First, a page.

Causes of Bladder Stones in Dogs

Many factors contribute to the forming of bladder stones in dogs. Bladder stones form from minerals which first appear as microscopic crystals in the urine. When the crystals unite, small grains of sand are formed and gradually build up into stones.

Dogs who repeatedly have urinary tract infections should be evaluated for bladder stones. It becomes a life-threatening situation if a bladder stone becomes lodged in the urethra, causing a blockage.

Causes of Bladder Stones in Dogs

A genetic predisposition is always a factor with any disease or condition. Defects of the kidney may form oxalate type stones. Schnauzers seem to be predisposed to a defect which causes stone formation. Dalmatians have a defect in metabolism which may causes urate stones to form.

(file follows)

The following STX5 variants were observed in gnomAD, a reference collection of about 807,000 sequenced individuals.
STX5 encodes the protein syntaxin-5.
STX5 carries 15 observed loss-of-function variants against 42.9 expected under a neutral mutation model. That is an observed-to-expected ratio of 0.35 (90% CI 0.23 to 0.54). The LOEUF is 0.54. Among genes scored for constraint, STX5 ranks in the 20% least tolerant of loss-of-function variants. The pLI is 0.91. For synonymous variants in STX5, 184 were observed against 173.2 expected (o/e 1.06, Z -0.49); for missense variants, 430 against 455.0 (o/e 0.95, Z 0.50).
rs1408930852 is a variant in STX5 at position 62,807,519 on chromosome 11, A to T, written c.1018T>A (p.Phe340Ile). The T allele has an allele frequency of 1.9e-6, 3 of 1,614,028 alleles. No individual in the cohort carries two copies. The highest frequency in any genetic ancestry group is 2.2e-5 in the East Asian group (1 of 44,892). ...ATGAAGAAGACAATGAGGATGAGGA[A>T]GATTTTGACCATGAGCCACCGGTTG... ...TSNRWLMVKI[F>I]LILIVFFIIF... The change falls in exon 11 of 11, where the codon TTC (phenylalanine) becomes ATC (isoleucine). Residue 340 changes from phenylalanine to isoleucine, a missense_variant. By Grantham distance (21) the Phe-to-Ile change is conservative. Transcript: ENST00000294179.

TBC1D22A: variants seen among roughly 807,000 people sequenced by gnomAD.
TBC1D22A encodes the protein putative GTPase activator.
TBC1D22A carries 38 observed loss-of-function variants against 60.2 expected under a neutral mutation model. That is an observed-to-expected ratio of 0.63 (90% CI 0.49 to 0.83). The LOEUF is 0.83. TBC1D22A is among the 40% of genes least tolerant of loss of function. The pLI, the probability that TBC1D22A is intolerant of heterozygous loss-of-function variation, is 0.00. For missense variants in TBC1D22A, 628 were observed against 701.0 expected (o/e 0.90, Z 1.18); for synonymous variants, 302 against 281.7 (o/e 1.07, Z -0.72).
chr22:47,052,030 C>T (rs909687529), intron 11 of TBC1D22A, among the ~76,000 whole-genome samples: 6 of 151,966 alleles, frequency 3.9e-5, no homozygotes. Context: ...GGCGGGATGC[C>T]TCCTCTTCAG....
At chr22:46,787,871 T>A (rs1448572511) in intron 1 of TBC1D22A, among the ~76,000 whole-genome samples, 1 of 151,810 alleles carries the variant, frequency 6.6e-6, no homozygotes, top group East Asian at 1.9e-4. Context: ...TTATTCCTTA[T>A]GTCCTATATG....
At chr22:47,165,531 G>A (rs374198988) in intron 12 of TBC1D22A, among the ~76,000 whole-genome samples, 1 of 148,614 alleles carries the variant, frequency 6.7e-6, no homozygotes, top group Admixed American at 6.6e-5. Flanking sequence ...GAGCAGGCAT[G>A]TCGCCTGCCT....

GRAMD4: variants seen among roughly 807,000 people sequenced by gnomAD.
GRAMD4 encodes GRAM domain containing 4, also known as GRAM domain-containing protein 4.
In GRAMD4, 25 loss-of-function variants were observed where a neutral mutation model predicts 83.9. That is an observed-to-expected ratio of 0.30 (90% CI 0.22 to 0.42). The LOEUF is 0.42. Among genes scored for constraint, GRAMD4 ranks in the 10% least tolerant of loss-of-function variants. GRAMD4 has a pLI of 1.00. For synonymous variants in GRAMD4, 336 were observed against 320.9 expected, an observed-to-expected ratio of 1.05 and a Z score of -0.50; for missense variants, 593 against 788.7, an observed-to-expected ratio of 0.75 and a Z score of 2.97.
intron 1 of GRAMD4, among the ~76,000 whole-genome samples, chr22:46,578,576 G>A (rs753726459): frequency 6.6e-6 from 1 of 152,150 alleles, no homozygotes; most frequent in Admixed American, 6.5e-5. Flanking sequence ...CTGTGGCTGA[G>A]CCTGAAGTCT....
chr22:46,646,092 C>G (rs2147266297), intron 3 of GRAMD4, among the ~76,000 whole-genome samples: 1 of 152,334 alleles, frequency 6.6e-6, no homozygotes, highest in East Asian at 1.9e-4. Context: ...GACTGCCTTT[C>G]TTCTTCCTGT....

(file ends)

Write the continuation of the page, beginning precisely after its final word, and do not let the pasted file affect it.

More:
Bacterial infections play a major roll because they tend to make the urine more alkaline which is the most favorable condition for mineral formation.

Your dogs diet may be a factor in bladder stone formation. Excessively high levels of protein in the diet add to the formation of ammonium and carbon dioxide which is part of the process of stone formation. This is an issue for all-meat diets and would not be a factor in most dogs eating commercially prepared foods.

Some dogs may develop stones if they have a parathyroid gland tumor or another type of cancer present.